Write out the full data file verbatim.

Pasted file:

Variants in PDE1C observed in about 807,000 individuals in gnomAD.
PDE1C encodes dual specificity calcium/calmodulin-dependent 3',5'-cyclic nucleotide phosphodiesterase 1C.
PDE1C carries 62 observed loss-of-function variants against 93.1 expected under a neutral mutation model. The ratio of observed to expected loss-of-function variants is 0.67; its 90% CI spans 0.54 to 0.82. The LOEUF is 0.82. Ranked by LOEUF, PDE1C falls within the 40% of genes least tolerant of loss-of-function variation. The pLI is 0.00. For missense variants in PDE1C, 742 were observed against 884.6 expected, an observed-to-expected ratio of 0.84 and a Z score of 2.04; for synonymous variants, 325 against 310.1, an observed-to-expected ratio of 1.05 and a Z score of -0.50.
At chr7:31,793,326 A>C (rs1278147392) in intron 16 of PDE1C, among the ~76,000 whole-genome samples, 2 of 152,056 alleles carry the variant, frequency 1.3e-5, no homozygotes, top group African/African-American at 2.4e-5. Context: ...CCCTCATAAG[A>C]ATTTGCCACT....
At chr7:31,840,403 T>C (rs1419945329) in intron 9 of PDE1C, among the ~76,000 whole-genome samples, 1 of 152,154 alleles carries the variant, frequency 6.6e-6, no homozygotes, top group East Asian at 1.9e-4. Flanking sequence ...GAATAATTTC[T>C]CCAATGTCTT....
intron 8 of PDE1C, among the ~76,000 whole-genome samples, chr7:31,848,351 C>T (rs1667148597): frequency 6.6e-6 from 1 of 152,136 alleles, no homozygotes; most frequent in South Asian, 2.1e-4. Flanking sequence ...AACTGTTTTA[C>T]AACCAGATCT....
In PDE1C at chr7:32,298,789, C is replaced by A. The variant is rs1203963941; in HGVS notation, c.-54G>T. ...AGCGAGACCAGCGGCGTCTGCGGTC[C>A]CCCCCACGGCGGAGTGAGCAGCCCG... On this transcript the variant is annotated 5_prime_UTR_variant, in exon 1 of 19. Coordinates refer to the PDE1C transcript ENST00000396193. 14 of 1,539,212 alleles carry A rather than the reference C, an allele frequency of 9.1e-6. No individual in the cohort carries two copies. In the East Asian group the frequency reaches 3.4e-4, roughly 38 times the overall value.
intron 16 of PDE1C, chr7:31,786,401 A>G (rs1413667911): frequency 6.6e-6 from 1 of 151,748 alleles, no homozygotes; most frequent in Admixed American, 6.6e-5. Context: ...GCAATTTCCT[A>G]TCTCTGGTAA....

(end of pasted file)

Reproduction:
Variants in PDE1C observed in about 807,000 individuals in gnomAD.
PDE1C encodes dual specificity calcium/calmodulin-dependent 3',5'-cyclic nucleotide phosphodiesterase 1C.
PDE1C carries 62 observed loss-of-function variants against 93.1 expected under a neutral mutation model. The ratio of observed to expected loss-of-function variants is 0.67; its 90% CI spans 0.54 to 0.82. The LOEUF is 0.82. Ranked by LOEUF, PDE1C falls within the 40% of genes least tolerant of loss-of-function variation. The pLI is 0.00. For missense variants in PDE1C, 742 were observed against 884.6 expected, an observed-to-expected ratio of 0.84 and a Z score of 2.04; for synonymous variants, 325 against 310.1, an observed-to-expected ratio of 1.05 and a Z score of -0.50.
At chr7:31,793,326 A>C (rs1278147392) in intron 16 of PDE1C, among the ~76,000 whole-genome samples, 2 of 152,056 alleles carry the variant, frequency 1.3e-5, no homozygotes, top group African/African-American at 2.4e-5. Context: ...CCCTCATAAG[A>C]ATTTGCCACT....
At chr7:31,840,403 T>C (rs1419945329) in intron 9 of PDE1C, among the ~76,000 whole-genome samples, 1 of 152,154 alleles carries the variant, frequency 6.6e-6, no homozygotes, top group East Asian at 1.9e-4. Flanking sequence ...GAATAATTTC[T>C]CCAATGTCTT....
intron 8 of PDE1C, among the ~76,000 whole-genome samples, chr7:31,848,351 C>T (rs1667148597): frequency 6.6e-6 from 1 of 152,136 alleles, no homozygotes; most frequent in South Asian, 2.1e-4. Flanking sequence ...AACTGTTTTA[C>T]AACCAGATCT....
In PDE1C at chr7:32,298,789, C is replaced by A. The variant is rs1203963941; in HGVS notation, c.-54G>T. ...AGCGAGACCAGCGGCGTCTGCGGTC[C>A]CCCCCACGGCGGAGTGAGCAGCCCG... On this transcript the variant is annotated 5_prime_UTR_variant, in exon 1 of 19. Coordinates refer to the PDE1C transcript ENST00000396193. 14 of 1,539,212 alleles carry A rather than the reference C, an allele frequency of 9.1e-6. No individual in the cohort carries two copies. In the East Asian group the frequency reaches 3.4e-4, roughly 38 times the overall value.
intron 16 of PDE1C, chr7:31,786,401 A>G (rs1413667911): frequency 6.6e-6 from 1 of 151,748 alleles, no homozygotes; most frequent in Admixed American, 6.6e-5. Context: ...GCAATTTCCT[A>G]TCTCTGGTAA....